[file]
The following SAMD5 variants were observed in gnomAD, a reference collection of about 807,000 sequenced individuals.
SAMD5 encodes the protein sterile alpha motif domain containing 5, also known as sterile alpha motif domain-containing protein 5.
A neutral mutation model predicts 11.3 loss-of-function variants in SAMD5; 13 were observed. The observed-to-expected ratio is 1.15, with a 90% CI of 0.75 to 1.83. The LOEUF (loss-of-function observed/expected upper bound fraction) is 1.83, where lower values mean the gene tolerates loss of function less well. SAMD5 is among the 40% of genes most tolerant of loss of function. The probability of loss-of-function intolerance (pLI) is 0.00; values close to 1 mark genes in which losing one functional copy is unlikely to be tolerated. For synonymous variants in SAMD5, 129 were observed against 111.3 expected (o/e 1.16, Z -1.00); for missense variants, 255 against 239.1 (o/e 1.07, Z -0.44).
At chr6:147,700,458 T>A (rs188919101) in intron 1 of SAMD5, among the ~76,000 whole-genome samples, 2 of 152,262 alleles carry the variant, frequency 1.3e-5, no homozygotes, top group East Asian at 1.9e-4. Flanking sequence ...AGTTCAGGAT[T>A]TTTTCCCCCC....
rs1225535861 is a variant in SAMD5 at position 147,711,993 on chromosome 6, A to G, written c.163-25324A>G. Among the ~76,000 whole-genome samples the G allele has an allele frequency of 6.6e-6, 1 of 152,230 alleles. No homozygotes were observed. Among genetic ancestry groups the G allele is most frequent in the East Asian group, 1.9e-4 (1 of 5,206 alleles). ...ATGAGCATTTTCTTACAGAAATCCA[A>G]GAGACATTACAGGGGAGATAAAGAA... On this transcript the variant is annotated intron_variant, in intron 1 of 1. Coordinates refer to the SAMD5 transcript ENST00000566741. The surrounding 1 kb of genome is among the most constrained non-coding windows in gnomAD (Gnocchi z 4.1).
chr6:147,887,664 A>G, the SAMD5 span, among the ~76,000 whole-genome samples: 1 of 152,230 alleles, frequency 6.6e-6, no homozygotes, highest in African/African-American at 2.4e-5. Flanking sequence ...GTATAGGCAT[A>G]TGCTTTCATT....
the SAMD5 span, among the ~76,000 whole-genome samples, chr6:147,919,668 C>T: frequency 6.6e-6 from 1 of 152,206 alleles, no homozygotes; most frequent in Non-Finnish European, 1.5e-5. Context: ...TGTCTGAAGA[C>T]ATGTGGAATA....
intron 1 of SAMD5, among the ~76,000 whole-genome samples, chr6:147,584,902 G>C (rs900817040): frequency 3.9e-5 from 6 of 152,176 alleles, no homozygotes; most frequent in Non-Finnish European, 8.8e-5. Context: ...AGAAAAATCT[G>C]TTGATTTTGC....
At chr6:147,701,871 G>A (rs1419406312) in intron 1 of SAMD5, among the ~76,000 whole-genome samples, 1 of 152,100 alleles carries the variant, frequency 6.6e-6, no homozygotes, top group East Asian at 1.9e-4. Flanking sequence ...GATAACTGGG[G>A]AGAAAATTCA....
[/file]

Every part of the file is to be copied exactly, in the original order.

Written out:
The following SAMD5 variants were observed in gnomAD, a reference collection of about 807,000 sequenced individuals.
SAMD5 encodes the protein sterile alpha motif domain containing 5, also known as sterile alpha motif domain-containing protein 5.
A neutral mutation model predicts 11.3 loss-of-function variants in SAMD5; 13 were observed. The observed-to-expected ratio is 1.15, with a 90% CI of 0.75 to 1.83. The LOEUF (loss-of-function observed/expected upper bound fraction) is 1.83, where lower values mean the gene tolerates loss of function less well. SAMD5 is among the 40% of genes most tolerant of loss of function. The probability of loss-of-function intolerance (pLI) is 0.00; values close to 1 mark genes in which losing one functional copy is unlikely to be tolerated. For synonymous variants in SAMD5, 129 were observed against 111.3 expected (o/e 1.16, Z -1.00); for missense variants, 255 against 239.1 (o/e 1.07, Z -0.44).
At chr6:147,700,458 T>A (rs188919101) in intron 1 of SAMD5, among the ~76,000 whole-genome samples, 2 of 152,262 alleles carry the variant, frequency 1.3e-5, no homozygotes, top group East Asian at 1.9e-4. Flanking sequence ...AGTTCAGGAT[T>A]TTTTCCCCCC....
rs1225535861 is a variant in SAMD5 at position 147,711,993 on chromosome 6, A to G, written c.163-25324A>G. Among the ~76,000 whole-genome samples the G allele has an allele frequency of 6.6e-6, 1 of 152,230 alleles. No homozygotes were observed. Among genetic ancestry groups the G allele is most frequent in the East Asian group, 1.9e-4 (1 of 5,206 alleles). ...ATGAGCATTTTCTTACAGAAATCCA[A>G]GAGACATTACAGGGGAGATAAAGAA... On this transcript the variant is annotated intron_variant, in intron 1 of 1. Coordinates refer to the SAMD5 transcript ENST00000566741. The surrounding 1 kb of genome is among the most constrained non-coding windows in gnomAD (Gnocchi z 4.1).
chr6:147,887,664 A>G, the SAMD5 span, among the ~76,000 whole-genome samples: 1 of 152,230 alleles, frequency 6.6e-6, no homozygotes, highest in African/African-American at 2.4e-5. Flanking sequence ...GTATAGGCAT[A>G]TGCTTTCATT....
the SAMD5 span, among the ~76,000 whole-genome samples, chr6:147,919,668 C>T: frequency 6.6e-6 from 1 of 152,206 alleles, no homozygotes; most frequent in Non-Finnish European, 1.5e-5. Context: ...TGTCTGAAGA[C>T]ATGTGGAATA....
intron 1 of SAMD5, among the ~76,000 whole-genome samples, chr6:147,584,902 G>C (rs900817040): frequency 3.9e-5 from 6 of 152,176 alleles, no homozygotes; most frequent in Non-Finnish European, 8.8e-5. Context: ...AGAAAAATCT[G>C]TTGATTTTGC....
At chr6:147,701,871 G>A (rs1419406312) in intron 1 of SAMD5, among the ~76,000 whole-genome samples, 1 of 152,100 alleles carries the variant, frequency 6.6e-6, no homozygotes, top group East Asian at 1.9e-4. Flanking sequence ...GATAACTGGG[G>A]AGAAAATTCA....